Even with all the collective contributions listed above, the Angels face an uphill battle at 39-42 as they are getting little support from their starters, who have a combined record of 31-39 and are tied for 3rd for the most HR given up in baseball. When it comes to winning time in the postseason, teams that have historically made runs, have had at a least a couple of reliable starters who possess the ability to pitch deep into games. The Angels currently hope to get 5 innings from their starters. Given that the the best starters for the Angels are on the shelf and won’t be available until the beginning to mid-2018 season, I propose and hope that Eppler takes a long-term approach this trade deadline and sells off as many non-integral assets (players not named Trout, Simmons, Pujols, Calhoun, Maldonado) in return for as many young arms that the market has available. Realistic expectations in my view for the Angels include a playoff appearance in 2018 and a deep playoff run in 2019. To position themselves for 2018 and beyond the Angels should deal the following players below:
Yunel Escobar 3B - #0
Yunel Escobar once again finds himself on my sell list due to his defensive limitations and hollow offensive numbers. With the demand for a 3rd baseman high from teams such as the Yankees or Red Sox, the Angels would be wise to get rid of Escobar and open up playing time for the young prospect Kaleb Cowart. The Angels depth of Cowart and Valbuena, makes this type of move easier to absorb while also giving meaning playing time to a player that the Angels have been wanting to take the reigns at 3rd.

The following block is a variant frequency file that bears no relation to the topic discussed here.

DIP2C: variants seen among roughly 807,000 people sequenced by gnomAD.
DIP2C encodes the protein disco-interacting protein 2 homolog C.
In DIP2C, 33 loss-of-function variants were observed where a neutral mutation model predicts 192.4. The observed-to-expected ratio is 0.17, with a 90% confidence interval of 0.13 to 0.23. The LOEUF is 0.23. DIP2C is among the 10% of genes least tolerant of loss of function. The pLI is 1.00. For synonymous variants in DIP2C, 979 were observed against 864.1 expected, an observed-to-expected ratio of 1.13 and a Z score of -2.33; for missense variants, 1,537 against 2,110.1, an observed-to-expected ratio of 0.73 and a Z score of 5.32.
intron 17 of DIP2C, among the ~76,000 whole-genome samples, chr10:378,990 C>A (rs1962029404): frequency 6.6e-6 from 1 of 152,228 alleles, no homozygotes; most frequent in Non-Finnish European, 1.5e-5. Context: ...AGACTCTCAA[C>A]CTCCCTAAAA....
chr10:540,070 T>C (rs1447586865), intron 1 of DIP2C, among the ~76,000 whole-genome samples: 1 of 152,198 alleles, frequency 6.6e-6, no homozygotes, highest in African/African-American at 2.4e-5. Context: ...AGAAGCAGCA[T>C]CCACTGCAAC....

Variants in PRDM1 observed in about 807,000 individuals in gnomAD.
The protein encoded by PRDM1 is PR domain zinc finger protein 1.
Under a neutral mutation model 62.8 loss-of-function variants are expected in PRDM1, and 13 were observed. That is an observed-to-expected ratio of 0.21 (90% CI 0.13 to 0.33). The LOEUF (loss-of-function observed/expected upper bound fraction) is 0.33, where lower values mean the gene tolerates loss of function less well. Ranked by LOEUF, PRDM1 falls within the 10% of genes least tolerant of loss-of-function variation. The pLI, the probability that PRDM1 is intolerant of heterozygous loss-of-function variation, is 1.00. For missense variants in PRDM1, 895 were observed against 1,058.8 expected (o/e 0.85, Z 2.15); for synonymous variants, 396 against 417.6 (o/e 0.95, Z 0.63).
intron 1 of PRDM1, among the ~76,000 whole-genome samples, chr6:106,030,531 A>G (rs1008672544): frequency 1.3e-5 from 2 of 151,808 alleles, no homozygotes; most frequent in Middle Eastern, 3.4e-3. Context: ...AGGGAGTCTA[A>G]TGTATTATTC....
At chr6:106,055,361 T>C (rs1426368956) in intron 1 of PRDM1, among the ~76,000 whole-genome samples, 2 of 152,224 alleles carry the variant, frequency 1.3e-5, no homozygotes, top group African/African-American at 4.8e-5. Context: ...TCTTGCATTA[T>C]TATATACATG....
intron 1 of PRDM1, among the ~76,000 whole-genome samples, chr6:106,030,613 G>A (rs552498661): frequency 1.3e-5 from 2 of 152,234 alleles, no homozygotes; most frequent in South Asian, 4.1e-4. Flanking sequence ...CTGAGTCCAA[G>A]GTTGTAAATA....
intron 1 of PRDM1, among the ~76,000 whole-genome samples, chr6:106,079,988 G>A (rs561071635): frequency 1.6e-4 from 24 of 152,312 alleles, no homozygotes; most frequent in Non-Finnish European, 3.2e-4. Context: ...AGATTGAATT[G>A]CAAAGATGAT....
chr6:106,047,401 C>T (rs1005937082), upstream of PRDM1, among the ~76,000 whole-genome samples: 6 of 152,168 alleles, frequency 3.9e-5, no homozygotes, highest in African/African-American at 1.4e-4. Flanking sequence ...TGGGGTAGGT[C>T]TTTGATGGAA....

Huston Street RP - #16
Street has worn out his welcome with the Halos as his playing time has been sharply reduced and more recently has spent more time on the DL rather than on the field. While the numbers might not be attractive to a prospective buyer, the Angels can still sell the accomplishments of Street’s career which can’t be taken away. Unfortunately for the Angels, they weren’t able to cash in on the greatness of Street. Moving Street for any sort of compensation would be a plus at this point.
C.J. Cron 1B - #24
Once thought to be the every day 1st baseman of the future for the Angels, Cron has seen better days as he has had to deal with being sent down to the minors on multiple occasions this season. The one selling point that that Angels can make when selling Cron is his power. When he is able to connect and put his power into a pitch, Cron has the ability to drive the ball out of the park as good as anyone in MLB. Unfortunately for Cron, he hasn’t been able to have the type of production that the Angels were hoping for having failed to reach the 20 HR mark in any season. Time has seemed to run out for Cron who has been unable to hold down the fort at 1st base.
While this Angels team will more than likely not make the playoffs this year, unlike seasons past they have exceeded expectations up to this point thanks to many unexpected performances. Even with losing the best player in baseball for a significant amount of time and dealing with a make shift starting pitching staff, the Angels have managed to stay competitive and display a competitive nature that hasn’t been seen for the past few seasons. While selling at the trade deadline can be perceived as a signal of surrender, the Angels front office should not be a prisoner of the moment and should shift focus to the 2018 and 2019 seasons when the Angels can make some real noise and make a deep run in the playoffs instead of squeaking in and accumulating an expensive rental that can hinder them in upcoming free agency period.